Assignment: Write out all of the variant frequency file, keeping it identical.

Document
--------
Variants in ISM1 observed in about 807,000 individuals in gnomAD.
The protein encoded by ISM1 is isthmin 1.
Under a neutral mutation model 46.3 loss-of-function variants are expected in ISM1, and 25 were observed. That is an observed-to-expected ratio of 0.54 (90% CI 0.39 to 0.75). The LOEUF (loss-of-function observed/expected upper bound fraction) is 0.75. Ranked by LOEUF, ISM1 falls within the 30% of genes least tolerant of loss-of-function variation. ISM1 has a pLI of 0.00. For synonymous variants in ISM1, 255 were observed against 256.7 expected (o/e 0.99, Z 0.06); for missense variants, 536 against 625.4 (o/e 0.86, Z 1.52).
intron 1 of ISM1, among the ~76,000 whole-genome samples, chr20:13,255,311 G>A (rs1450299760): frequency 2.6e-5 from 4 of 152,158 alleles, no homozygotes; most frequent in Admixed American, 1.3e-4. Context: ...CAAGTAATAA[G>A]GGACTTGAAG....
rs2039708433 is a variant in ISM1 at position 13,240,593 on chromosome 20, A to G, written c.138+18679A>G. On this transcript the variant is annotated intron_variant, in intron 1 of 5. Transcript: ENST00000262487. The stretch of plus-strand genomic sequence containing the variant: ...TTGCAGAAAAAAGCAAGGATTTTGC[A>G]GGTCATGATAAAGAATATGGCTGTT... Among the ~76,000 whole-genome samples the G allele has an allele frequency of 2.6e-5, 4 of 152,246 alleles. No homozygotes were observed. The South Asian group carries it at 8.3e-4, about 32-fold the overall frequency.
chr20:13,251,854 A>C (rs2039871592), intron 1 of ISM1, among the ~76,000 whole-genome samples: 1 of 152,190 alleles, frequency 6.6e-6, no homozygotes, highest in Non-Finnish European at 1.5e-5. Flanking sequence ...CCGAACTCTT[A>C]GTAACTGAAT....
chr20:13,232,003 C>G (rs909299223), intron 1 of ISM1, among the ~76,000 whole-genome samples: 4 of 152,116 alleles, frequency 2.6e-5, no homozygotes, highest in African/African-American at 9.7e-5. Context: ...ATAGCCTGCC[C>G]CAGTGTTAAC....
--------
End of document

Variants in ISM1 observed in about 807,000 individuals in gnomAD.
The protein encoded by ISM1 is isthmin 1.
Under a neutral mutation model 46.3 loss-of-function variants are expected in ISM1, and 25 were observed. That is an observed-to-expected ratio of 0.54 (90% CI 0.39 to 0.75). The LOEUF (loss-of-function observed/expected upper bound fraction) is 0.75. Ranked by LOEUF, ISM1 falls within the 30% of genes least tolerant of loss-of-function variation. ISM1 has a pLI of 0.00. For synonymous variants in ISM1, 255 were observed against 256.7 expected (o/e 0.99, Z 0.06); for missense variants, 536 against 625.4 (o/e 0.86, Z 1.52).
intron 1 of ISM1, among the ~76,000 whole-genome samples, chr20:13,255,311 G>A (rs1450299760): frequency 2.6e-5 from 4 of 152,158 alleles, no homozygotes; most frequent in Admixed American, 1.3e-4. Context: ...CAAGTAATAA[G>A]GGACTTGAAG....
rs2039708433 is a variant in ISM1 at position 13,240,593 on chromosome 20, A to G, written c.138+18679A>G. On this transcript the variant is annotated intron_variant, in intron 1 of 5. Transcript: ENST00000262487. The stretch of plus-strand genomic sequence containing the variant: ...TTGCAGAAAAAAGCAAGGATTTTGC[A>G]GGTCATGATAAAGAATATGGCTGTT... Among the ~76,000 whole-genome samples the G allele has an allele frequency of 2.6e-5, 4 of 152,246 alleles. No homozygotes were observed. The South Asian group carries it at 8.3e-4, about 32-fold the overall frequency.
chr20:13,251,854 A>C (rs2039871592), intron 1 of ISM1, among the ~76,000 whole-genome samples: 1 of 152,190 alleles, frequency 6.6e-6, no homozygotes, highest in Non-Finnish European at 1.5e-5. Flanking sequence ...CCGAACTCTT[A>C]GTAACTGAAT....
chr20:13,232,003 C>G (rs909299223), intron 1 of ISM1, among the ~76,000 whole-genome samples: 4 of 152,116 alleles, frequency 2.6e-5, no homozygotes, highest in African/African-American at 9.7e-5. Context: ...ATAGCCTGCC[C>G]CAGTGTTAAC....